Now, we saw today — one, you mentioned the pictures from Khalidiya. Two, the Assad regime essentially released this video of him visiting troops in Darayya.Is there also an image war going on between two sides?


    Oh, there's no doubt and that's been since the very beginning.

    The other thing that we saw this week is President Bashar al-Assad opened an Instagram account and this is another occasion for very calm leader-like photographs that were put out on the Web. On the rebel side, there are seven YouTube channels that are with the FSA. You can watch almost every battle that takes place, putting out more content than Al-Jazeera or PBS.

    It's a huge amount of video. I think both sides are speaking to their base, something that we understand in America politics, and it is to keep up the morale of each side to say, we are winning. And so all of that is done with this imagery.

    The truth of the matter is, we are still a stalemate in Syria. Neither side can deliver a knockout blow, although neither side appears to be willing to negotiate an end of this brutal, brutal conflict.


    And so we have heard so much about the refugees. More than a million Syrians have fled to neighboring countries, but what — from your trips in there and the people you have talked to, how are people who have stayed, millions of them, in some of these battle-torn cities, how are they getting by?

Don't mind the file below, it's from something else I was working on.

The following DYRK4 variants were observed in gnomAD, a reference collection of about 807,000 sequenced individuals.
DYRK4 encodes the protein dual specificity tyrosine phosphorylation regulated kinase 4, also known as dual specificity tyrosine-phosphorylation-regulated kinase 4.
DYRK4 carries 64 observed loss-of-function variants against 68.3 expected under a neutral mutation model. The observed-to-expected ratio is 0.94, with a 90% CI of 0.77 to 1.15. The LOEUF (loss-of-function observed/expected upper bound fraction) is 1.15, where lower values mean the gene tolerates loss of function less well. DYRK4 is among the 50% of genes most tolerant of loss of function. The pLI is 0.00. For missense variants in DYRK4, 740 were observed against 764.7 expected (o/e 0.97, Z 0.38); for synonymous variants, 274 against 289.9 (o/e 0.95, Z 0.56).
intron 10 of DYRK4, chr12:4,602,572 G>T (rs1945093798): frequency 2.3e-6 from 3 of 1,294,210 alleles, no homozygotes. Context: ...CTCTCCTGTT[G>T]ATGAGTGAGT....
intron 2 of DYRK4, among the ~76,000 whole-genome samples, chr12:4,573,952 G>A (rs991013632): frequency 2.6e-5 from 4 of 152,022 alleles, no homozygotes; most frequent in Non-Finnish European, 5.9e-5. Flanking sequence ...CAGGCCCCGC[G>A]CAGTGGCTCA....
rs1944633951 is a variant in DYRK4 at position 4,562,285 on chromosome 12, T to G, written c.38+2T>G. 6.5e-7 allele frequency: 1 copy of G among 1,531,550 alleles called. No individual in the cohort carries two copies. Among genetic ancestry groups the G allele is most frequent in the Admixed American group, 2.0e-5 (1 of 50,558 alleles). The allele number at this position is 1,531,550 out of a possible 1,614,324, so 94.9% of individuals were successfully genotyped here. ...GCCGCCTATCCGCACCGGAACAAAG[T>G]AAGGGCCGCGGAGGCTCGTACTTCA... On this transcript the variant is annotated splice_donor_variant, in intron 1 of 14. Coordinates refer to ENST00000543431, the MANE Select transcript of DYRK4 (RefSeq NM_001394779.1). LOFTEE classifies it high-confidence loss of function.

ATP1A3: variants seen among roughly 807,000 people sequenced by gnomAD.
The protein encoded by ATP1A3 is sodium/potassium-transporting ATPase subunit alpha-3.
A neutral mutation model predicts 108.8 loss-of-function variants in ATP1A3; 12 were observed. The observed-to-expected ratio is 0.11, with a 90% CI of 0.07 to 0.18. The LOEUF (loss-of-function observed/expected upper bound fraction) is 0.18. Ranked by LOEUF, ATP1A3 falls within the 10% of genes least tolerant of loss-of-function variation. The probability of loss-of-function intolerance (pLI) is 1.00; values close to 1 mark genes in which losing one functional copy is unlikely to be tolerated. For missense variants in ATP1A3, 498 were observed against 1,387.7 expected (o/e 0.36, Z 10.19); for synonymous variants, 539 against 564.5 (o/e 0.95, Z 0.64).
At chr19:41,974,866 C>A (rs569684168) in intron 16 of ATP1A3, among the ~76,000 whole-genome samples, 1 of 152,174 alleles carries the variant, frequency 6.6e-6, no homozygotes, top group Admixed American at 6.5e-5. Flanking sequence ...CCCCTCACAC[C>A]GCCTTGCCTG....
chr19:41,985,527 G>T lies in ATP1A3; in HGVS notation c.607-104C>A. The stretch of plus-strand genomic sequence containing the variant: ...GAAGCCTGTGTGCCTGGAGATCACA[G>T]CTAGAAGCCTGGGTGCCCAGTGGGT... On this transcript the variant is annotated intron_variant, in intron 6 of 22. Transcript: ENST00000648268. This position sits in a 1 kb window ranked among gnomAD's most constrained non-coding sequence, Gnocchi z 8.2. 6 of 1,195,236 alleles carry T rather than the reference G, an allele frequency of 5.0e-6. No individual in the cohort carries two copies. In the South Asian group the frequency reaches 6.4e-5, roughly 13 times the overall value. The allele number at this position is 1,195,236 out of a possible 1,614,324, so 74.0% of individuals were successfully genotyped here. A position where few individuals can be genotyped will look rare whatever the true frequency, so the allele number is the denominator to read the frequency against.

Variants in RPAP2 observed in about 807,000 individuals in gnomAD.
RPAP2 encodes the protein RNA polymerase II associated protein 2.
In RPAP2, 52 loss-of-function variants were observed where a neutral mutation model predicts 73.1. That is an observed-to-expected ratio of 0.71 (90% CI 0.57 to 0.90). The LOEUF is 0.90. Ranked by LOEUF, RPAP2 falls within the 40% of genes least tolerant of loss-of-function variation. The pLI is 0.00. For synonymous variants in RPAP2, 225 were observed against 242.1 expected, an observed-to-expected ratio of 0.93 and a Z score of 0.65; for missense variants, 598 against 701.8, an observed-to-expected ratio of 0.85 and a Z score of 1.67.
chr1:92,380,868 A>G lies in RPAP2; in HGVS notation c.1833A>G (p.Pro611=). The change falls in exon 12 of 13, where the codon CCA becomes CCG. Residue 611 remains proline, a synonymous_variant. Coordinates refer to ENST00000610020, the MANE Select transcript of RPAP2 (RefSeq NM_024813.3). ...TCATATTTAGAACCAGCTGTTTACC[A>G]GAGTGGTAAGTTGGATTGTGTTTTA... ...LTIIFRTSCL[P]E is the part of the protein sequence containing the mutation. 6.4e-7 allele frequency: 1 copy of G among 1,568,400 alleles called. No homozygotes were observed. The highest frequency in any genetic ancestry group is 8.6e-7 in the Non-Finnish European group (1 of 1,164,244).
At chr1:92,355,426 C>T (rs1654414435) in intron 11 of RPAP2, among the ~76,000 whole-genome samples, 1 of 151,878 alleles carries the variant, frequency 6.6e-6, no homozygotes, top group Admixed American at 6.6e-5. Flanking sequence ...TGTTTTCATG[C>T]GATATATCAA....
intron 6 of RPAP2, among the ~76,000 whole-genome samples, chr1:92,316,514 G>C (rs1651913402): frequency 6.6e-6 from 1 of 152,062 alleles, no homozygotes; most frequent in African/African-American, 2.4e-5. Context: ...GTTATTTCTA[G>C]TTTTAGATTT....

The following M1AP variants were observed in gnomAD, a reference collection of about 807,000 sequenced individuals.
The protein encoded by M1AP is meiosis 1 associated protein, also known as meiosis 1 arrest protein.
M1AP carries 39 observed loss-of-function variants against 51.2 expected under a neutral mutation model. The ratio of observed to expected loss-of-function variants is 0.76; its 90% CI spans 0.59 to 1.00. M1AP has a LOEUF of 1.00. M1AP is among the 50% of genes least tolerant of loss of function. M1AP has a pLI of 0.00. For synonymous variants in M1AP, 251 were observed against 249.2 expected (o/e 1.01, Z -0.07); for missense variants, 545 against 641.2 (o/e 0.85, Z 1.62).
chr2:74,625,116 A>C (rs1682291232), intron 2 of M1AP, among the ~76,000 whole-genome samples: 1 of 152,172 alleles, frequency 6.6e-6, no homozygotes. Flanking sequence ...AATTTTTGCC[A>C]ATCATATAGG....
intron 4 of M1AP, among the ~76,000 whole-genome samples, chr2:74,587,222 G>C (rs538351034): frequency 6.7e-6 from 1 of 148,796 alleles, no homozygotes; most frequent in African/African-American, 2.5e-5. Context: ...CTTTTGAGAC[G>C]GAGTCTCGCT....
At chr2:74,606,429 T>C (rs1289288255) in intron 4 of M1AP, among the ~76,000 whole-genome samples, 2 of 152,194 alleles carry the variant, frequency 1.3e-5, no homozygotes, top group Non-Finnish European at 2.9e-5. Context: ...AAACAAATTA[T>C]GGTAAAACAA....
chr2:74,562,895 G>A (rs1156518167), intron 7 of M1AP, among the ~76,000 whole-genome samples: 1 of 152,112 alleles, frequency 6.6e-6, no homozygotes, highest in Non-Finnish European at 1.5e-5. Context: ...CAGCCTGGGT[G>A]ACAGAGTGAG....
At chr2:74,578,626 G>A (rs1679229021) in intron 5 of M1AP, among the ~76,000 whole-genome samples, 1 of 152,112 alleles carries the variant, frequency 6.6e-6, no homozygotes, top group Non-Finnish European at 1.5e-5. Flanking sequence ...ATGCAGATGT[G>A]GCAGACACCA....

There's two kinds of people inside. There are millions of Syrians who are displaced, people who lived in the neighborhood of Khalidiya who have been driven out and find themselves in makeshift refugee — they aren't refugee — they are internally displaced camps within Syria.

    And those people are not doing well.International aid organizations don't often get to them. It's up to the rebels to care for them, to make sure they get enough to eat. But there are many villages in the north and in parts of Aleppo where people are going about their lives. It's now two-and-a-half years into this conflict and both in the rebel-held areas they know that every couple of days one of those villages may have a rocket or a mortar attack or a missile.

    It's part of life. People have gotten on with their lives. This is the same in the capital. People go out at night. There are restaurants open in the capital. Also, in the south, in Daraa, another contested city where you have a regime-controlled area in the middle of the city and the rebels control large swathes in the countryside, people, you know, get up in the morning. Some of them tend their farms. In Damascus, people go to work.

    It's really quite amazing, the resilience of Syrians in so much violence that as time has gone on people have learned to live with some of this violence. I'm not talking about the seriously contested areas. Of course, those are terrible for civilians, but there are parts of Syria where people have a relatively normal life.


    Well, Deb Amos of NPR, thank you and travel safely.


    Thank you.